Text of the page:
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NIH should retire most chimpanzees from medical research, panel says (+video)

Hundreds of chimpanzees at NIH facilities should no longer be used as test subjects, the panel said, but 50 should be kept as a contingency, adding that all the chimps should be housed more comfortably.

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A senior scientific advisory panel at the National Institutes of Health, in a step toward phasing out the use of chimpanzees in federally funded medical research, has found "no compelling evidence" to support keeping hundreds of chimpanzees at NIH facilities and recommends that all but about 50 chimps be retired.

This small group would remain available as a contingency should some unforeseen disease emerge for which chimps would be the best stand-ins for humans. But they, along with the retirees, would be housed in facilities designed to more adequately accommodate the full range of normal chimp physical and social activities – from climbing, foraging, and daily nest-building to hanging out in sizable groups on branches high off the ground, according to the panel.

The panel also recommends ending 16 of 30 research projects involving chimpanzees that the NIH currently is funding. The largest proportional hit falls on biomedical research, one of three categories of projects. Six out of nine current biomedical projects would end.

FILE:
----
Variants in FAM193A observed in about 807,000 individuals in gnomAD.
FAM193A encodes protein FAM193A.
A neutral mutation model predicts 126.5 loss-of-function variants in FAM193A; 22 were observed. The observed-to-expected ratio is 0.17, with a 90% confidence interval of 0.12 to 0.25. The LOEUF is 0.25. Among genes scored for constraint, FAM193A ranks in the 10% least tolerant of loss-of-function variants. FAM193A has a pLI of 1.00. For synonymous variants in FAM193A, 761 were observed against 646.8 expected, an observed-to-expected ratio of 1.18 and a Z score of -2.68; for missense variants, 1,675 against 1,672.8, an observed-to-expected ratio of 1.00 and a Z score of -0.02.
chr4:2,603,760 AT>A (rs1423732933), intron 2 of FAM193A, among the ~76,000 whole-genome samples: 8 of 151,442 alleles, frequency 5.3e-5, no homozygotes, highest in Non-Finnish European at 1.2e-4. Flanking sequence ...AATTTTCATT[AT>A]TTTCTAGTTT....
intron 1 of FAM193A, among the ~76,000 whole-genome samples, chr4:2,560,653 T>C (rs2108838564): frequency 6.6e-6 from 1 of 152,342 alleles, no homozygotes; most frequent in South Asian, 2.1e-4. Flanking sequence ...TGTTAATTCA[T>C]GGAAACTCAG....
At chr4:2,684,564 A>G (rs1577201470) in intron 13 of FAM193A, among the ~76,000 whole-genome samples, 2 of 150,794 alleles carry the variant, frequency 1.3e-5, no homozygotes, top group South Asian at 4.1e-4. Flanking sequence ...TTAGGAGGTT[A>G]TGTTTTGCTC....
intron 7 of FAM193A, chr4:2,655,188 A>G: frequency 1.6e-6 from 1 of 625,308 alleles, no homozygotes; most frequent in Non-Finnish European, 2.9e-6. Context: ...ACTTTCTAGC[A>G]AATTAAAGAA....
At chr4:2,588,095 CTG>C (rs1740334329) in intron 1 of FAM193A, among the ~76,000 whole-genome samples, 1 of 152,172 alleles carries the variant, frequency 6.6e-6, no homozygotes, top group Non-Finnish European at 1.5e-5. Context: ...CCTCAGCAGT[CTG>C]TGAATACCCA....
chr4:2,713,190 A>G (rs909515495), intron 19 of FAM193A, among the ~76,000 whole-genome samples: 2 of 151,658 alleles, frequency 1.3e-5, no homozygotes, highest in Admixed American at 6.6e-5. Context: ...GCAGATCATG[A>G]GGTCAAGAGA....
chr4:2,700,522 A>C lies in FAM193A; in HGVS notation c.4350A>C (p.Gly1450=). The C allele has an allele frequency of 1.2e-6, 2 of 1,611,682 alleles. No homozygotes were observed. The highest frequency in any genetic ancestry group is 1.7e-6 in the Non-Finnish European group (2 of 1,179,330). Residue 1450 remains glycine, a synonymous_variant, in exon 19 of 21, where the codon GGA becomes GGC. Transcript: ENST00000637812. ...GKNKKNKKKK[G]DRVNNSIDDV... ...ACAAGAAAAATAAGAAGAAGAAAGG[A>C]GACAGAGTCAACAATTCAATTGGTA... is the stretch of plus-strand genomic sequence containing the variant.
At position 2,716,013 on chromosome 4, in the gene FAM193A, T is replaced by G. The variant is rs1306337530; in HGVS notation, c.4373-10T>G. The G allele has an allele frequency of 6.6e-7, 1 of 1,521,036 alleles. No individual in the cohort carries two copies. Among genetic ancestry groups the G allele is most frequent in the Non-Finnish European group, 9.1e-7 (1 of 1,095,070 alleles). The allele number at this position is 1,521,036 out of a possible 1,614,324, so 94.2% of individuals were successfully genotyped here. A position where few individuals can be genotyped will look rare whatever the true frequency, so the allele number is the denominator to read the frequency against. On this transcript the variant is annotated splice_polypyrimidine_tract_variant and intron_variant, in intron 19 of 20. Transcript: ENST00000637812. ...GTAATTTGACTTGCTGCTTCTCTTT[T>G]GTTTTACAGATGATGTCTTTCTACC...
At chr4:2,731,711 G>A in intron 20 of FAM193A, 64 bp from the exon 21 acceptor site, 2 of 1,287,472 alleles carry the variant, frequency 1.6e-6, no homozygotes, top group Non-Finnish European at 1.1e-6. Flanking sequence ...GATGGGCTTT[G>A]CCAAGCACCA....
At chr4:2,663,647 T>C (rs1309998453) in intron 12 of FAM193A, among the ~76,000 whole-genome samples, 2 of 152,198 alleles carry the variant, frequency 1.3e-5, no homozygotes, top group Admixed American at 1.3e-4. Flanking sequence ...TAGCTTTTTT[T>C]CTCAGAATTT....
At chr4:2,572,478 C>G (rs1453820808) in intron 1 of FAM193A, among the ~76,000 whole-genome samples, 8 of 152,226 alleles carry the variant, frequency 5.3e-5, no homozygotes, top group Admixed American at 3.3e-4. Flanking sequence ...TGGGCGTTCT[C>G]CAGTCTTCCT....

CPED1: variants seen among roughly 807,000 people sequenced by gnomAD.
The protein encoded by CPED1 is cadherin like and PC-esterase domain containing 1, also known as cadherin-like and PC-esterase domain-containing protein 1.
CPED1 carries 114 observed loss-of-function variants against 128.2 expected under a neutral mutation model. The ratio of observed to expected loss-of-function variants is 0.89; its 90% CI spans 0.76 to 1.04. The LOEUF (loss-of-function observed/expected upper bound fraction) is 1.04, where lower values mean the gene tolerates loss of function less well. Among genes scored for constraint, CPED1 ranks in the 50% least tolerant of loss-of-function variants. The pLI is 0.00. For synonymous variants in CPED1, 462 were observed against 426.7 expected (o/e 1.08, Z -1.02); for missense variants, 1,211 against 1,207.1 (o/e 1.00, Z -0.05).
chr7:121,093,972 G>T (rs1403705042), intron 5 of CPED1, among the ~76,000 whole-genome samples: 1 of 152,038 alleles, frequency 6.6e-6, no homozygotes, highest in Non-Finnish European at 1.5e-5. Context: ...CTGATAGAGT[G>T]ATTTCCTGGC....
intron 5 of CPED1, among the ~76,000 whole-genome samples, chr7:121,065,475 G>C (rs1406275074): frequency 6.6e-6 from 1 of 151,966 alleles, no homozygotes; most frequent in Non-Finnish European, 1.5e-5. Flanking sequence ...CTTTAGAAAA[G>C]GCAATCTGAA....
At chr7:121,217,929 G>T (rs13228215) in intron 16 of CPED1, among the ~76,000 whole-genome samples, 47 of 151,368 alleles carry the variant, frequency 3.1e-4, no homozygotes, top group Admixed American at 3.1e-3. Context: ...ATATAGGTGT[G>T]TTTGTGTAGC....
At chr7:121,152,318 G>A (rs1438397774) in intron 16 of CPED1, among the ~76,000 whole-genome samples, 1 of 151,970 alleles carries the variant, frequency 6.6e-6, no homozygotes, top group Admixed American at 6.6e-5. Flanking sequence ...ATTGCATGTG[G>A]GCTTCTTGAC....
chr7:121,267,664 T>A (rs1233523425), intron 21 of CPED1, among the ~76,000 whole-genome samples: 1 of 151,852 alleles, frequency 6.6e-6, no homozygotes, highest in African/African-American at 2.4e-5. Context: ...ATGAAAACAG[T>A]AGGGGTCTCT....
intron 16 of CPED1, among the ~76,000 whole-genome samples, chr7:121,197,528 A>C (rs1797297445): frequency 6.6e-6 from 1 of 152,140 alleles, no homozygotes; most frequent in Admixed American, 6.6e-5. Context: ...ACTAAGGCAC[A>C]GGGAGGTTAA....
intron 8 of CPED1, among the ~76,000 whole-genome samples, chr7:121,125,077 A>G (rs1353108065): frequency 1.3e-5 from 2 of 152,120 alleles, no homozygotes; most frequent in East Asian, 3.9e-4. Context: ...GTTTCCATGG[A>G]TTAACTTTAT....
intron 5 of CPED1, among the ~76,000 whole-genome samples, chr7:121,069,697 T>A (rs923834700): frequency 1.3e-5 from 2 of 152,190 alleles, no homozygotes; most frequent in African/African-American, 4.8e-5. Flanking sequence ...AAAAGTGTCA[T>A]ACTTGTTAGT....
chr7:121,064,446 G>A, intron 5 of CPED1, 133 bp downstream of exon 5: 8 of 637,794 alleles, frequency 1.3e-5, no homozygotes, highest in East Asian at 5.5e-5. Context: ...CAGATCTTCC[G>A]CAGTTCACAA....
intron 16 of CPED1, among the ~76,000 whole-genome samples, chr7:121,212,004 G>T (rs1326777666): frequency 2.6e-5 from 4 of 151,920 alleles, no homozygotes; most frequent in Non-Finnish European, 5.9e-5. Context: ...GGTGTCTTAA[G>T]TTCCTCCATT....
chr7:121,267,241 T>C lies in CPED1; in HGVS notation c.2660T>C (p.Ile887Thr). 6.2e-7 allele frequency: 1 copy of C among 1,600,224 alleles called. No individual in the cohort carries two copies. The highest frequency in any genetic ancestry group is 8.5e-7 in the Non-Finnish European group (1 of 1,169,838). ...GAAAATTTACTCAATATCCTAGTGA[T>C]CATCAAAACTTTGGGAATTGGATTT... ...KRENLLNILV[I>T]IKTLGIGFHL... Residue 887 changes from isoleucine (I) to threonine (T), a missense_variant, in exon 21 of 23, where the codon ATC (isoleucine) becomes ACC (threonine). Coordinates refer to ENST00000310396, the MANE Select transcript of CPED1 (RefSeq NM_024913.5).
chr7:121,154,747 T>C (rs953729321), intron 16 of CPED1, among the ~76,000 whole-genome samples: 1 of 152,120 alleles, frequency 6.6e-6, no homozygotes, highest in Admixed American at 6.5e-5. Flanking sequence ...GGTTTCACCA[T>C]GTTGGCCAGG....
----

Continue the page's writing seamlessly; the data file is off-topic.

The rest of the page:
The ultimate driver behind the recommendations: concerns about the value and ethics of using chimpanzees, biologically the nearest relative to humans, for physically painful and intrusive infectious-disease research.

If the 28 recommendations are implemented, the effort would represent "an historic step forward" in moving chimps out of the lab and into sanctuaries, says Kathleen Conlee, vice-president for animal-research issues at the Humane Society of the United States, based in Washington.

Even foes of federal legislation to greatly restrict the use of chimps and other "great apes" in biomedical research see merit in the new recommendations.

As a stand-in for humans, "the chimpanzee has played a very important role in the evolution of biomedical research," notes Frankie Trull, president of the National Association for Biomedical Research (NABR) in Washington, which fought against the Great Apes Protection and Cost Reduction Act of 2011, which died in December with the end of the 113th Congress.


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